Tuesday, May 08, 2007

A pretend good moment for the PS3

PS3 price could drop $100 due to Blu-ray diode supply - Joystiq

This will not equate to a lower PS3 price right away. Sony still has to recover the huge loss they take on every PS3 sold. But cutting their own costs is a step in the right direction for everybody.

Although stating the obvious, the analysts are right. The PS3 desperately needs a price cut. The brand name alone could take it from there. They are fighting against cheaper consoles with more games. The games they do have are often shoddy ports, which doesn't help their situation.

The real question is, "How soon can Sony make the price reasonable?" They have to realize that the PS3's extra (and worthless for the most part) gadgetry just isn't in high demand. Once we get the good exclusives and a $300-400 price out of the PS3...I think it will get more attention. That is of course, if Nintendo and MS don't manage to skewer them with better deals.

MS's positive PR even took a hit recently. I'm quite surprised that Major said such things (in a public cast). As a person in the corporate world and as a person who has worked directly with customers on many's actually not that surprising to hear Major's true colors.

Consumers, especially gaming consumers, are a bit naive. They want everything for free, but fail to realize the companies providing them with their gaming-fix still need to make money. If they didn't make money (or have money-making potential), then Sony and MS would have dropped out long ago and let Nintendo take over. Only the craziest devout Ninty fanboy would want that.

The real power we consumers have isn't so much "whining" power when things don't go the way we want. Sony has fallen victim to consumer whining, which is why the PS3 has been a mess all around. Consumers demanded a different controller, a cheaper console, and free online. We ended up with a cost-inducing lesser-model, the same old controller (the new one would have been great...try Psyclone's PS2 version), and an all around horrible online service. We ended up another PS2, which isn't what the consumer really's just what they are familiar with. Gamers always secretly want change, but we fear change (that's cliche as hell). We don't know any better...which is why companies need to keep a reasonable amount of control and a stiff upper lip. Not to say they shouldn't listen, but compromise should never be out of the question. Microsoft is doing a fair job at that, which is why they are perceived as doing so well.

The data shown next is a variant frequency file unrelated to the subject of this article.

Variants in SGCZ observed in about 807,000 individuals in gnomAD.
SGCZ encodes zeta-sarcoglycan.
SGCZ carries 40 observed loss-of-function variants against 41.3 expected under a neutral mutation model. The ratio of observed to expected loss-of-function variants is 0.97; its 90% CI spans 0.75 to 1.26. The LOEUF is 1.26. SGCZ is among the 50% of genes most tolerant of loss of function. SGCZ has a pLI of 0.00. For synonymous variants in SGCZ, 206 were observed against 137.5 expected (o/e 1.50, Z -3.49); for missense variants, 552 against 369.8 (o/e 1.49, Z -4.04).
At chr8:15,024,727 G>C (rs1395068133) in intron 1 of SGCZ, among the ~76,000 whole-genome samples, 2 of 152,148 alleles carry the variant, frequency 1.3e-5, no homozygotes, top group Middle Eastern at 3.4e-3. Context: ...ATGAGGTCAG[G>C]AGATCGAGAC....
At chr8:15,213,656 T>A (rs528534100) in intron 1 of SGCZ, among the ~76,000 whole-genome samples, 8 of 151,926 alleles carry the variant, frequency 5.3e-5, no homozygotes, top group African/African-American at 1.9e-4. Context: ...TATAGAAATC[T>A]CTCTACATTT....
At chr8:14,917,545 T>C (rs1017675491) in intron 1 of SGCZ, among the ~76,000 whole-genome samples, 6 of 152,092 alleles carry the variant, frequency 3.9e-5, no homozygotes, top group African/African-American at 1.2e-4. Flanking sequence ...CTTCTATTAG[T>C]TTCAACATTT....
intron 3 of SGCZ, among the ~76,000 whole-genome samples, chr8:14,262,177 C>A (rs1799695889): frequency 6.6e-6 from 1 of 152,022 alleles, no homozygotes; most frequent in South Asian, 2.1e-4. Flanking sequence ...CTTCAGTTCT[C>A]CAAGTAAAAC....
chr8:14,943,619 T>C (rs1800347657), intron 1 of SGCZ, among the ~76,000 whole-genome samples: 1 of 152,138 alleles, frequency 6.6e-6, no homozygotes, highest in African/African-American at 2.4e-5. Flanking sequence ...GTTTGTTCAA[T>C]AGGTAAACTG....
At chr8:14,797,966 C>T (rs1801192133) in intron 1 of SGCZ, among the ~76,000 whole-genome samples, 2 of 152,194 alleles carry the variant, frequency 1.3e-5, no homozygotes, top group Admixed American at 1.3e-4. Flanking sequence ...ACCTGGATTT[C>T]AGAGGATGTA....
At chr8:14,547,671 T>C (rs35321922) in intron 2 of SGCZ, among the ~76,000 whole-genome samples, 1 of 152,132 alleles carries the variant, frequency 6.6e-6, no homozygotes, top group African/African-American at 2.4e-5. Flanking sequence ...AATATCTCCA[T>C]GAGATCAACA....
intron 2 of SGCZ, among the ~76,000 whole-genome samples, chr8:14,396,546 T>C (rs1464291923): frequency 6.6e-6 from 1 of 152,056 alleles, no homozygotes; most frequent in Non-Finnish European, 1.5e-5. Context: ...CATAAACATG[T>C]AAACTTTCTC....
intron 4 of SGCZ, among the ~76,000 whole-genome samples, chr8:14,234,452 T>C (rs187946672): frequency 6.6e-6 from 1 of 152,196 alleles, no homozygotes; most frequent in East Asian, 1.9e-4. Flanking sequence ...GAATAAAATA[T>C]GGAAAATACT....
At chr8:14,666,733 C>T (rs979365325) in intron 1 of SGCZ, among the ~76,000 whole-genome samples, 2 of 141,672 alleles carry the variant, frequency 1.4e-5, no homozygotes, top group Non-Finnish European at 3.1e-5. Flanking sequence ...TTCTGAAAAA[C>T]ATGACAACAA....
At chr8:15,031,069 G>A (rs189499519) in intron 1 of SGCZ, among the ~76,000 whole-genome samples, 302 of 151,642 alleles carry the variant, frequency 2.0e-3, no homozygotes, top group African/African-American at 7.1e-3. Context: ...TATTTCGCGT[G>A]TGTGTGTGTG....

The real power we have is where we spend our dollar. Money speaks more than forum blabber ever will. If a consumer doesn't agree with pricing, then they shouldn't buy it. We see whining about pricing on XBLA all the time, but MS continues to provide a venue for what seems like high pricing. They get away with it because people demand the content, and will pay for it. The best thing to do is to turn away from a game or additional content if the price is disagreeable. Patience isn't a gamer's specialty, but in order for us to get what we want, we have to use the one power we have.

Back to Sony, they seem to be figuring this out. They obviously made a mistake in bloating the PS3's costs to a level where it hurts them and the consumer. Consumers have spoken, and not spent their dollar. Sony is working toward fixing this dilemma, although it will be an uphill battle for a while. Thankfully for them, Major's little stint could break the hearts of a few MS followers, and Sony will be there to pick up the pieces.


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